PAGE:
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In the Bono, Bono East, and Ahafo regions, the rate of teenage pregnancies is at an all-time high.

64,000 incidences of teen pregnancy were reported in the Bono, Bono East, and Ahafo regions between 2016 and 2020.

The Bono East region noted 28,284 teenage pregnancies during the course of the four years.

With 22,944 cases, the Bono region came in second.

With 12,861 instances during the same year, the Ahafo region had the fewest teenage pregnancies.

Between 2016 and 2020, 555,575 teenagers nationwide between the ages of 10 and 19 became pregnant.

Within four years, 13,444 teenagers between the ages of 10 and 14 got pregnant, while some 542,131 teenagers aged 15 to 19 years got pregnant.

When the Global Media Foundation presented its 2022 report on the state of teen pregnancies in the regions, Raphael Godlove Ahenu, the CEO, revealed this at a media event in Sunyani.

High levels of poverty, early marriage, gender discrimination based on historically unequal gender roles, a lack of sexual and reproductive health education, limited access to contraceptive use, and discrimination against young women’s reproductive rights were some of the factors cited in the report titled “the State of teenage pregnancy in the Bono, Bono East, and Ahafo regions.”

Understanding both the individual and societal causes and impacts of teenage pregnancy, in Mr. Ahenu’s opinion, can help to address the issue in Ghana.

According to him, studies have found a clear relationship between educational attainment and the age of the first sexual encounter.

“The higher the educational level of the adolescent, the less likely they are to engage in sexual intercourse at an early age,” he added.

The CEO of GLOMeF recommended that efforts should be made to involve young boys in adolescent sexual health programs and services, develop reintegration services for young moms in the education and social sectors, and address socio-cultural concerns connected to teenage pregnancy.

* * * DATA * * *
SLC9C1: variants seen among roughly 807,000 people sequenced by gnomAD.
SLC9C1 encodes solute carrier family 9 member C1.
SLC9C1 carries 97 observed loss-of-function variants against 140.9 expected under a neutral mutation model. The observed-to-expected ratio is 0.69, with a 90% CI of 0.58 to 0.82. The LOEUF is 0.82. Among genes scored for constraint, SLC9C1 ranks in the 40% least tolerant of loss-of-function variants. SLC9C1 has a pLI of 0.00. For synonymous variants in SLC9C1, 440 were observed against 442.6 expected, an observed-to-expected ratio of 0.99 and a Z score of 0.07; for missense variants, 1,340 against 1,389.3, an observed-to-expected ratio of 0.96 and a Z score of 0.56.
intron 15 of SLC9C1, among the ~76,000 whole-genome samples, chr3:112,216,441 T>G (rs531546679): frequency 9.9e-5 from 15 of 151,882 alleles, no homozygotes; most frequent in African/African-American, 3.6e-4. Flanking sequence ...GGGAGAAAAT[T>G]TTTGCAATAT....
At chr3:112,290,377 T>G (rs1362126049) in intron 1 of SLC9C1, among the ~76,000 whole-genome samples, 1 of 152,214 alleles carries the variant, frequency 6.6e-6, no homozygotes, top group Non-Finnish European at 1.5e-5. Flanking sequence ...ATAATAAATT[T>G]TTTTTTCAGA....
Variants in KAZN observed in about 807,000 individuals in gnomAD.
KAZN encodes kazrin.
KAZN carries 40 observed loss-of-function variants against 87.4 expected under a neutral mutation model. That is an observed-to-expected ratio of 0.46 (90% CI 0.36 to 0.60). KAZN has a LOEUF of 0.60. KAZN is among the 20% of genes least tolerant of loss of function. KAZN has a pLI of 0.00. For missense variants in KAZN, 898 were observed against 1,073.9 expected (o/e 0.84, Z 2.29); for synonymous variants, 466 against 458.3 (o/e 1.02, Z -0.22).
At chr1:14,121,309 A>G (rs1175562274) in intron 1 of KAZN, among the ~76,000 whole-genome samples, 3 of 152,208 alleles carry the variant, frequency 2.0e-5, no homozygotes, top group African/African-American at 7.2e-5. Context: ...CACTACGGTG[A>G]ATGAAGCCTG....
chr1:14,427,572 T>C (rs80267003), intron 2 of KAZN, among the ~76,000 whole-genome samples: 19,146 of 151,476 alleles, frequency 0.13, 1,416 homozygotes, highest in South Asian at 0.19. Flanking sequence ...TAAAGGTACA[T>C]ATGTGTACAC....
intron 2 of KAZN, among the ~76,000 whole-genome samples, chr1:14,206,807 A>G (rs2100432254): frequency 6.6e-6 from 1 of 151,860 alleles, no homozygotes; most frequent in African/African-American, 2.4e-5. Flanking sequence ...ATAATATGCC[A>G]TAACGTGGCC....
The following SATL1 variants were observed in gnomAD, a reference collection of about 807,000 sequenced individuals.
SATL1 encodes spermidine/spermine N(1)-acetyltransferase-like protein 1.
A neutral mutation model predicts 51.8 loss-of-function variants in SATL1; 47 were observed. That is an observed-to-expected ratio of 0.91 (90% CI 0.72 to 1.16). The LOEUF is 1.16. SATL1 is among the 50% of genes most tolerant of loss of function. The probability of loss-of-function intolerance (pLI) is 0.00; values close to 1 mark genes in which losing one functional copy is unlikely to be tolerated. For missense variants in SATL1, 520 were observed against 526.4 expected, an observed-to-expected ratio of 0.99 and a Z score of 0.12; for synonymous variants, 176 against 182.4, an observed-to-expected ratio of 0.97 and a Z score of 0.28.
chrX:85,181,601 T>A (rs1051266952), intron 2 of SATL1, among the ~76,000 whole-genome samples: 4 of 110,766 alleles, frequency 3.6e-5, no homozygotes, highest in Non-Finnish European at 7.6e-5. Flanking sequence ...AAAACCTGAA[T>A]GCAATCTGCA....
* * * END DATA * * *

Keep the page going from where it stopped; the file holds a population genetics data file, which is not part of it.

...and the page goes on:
He claimed that in order to address the high number of adolescent pregnancies in Ghana, a national stakeholders meeting must be called by the Ministries of Gender, Children, and Social Protection, Ghana Health Service, and Health.

During the meeting, he continued, the situation will be analyzed, the current levels will be determined, and methods for ongoing national sensitization will be discussed.

Mr. Ahenu further urged the government and Non-Governmental Organizations (NGOs) to work together effectively to combat teenage pregnancy and boost research activities that are concentrated on important districts and areas.

“Developing a comprehensive and coordinated approach to reduce the high rates of teenage pregnancy in Ghana must be a priority of the government, NGOs and civil society,” he stressed.

He asserted that the reproductive health of adolescents and young people is a critical problem since it affects both the generation’s health now and as they enter adulthood.

However, he highlighted his disappointment with the paucity of funding that national and local government agencies have consistently provided for adolescent and young people’s reproductive health.

“Investing in solutions that ensure adolescents and young people develop the capacity and skills to live mentally healthy lives creates immediate and life-long benefits for individuals and society.

It has the potential to shift the dial for future generations and whole economies,” Mr Ahenu explained.

He emphasized that helping parents and caregivers during their children’s formative years through evidence-based parenting programs to encourage responsive caring is an obvious method to do this.

Disclaimer: The opinions expressed in this publication do not in anyway reflect the opinions of State News Ghana

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